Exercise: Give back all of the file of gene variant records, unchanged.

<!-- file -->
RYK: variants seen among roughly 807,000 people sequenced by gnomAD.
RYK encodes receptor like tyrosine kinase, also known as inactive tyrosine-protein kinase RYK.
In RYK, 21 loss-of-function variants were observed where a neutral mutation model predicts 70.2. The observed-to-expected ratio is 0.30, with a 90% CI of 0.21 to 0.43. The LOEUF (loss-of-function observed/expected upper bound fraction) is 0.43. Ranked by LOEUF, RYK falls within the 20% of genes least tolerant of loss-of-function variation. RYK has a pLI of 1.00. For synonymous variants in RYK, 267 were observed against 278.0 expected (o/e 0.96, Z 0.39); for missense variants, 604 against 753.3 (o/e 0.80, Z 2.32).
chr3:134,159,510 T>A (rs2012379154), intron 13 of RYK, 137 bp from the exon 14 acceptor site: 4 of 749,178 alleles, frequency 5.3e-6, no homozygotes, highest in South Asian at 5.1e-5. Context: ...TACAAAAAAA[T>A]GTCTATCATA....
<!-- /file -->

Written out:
RYK: variants seen among roughly 807,000 people sequenced by gnomAD.
RYK encodes receptor like tyrosine kinase, also known as inactive tyrosine-protein kinase RYK.
In RYK, 21 loss-of-function variants were observed where a neutral mutation model predicts 70.2. The observed-to-expected ratio is 0.30, with a 90% CI of 0.21 to 0.43. The LOEUF (loss-of-function observed/expected upper bound fraction) is 0.43. Ranked by LOEUF, RYK falls within the 20% of genes least tolerant of loss-of-function variation. RYK has a pLI of 1.00. For synonymous variants in RYK, 267 were observed against 278.0 expected (o/e 0.96, Z 0.39); for missense variants, 604 against 753.3 (o/e 0.80, Z 2.32).
chr3:134,159,510 T>A (rs2012379154), intron 13 of RYK, 137 bp from the exon 14 acceptor site: 4 of 749,178 alleles, frequency 5.3e-6, no homozygotes, highest in South Asian at 5.1e-5. Context: ...TACAAAAAAA[T>A]GTCTATCATA....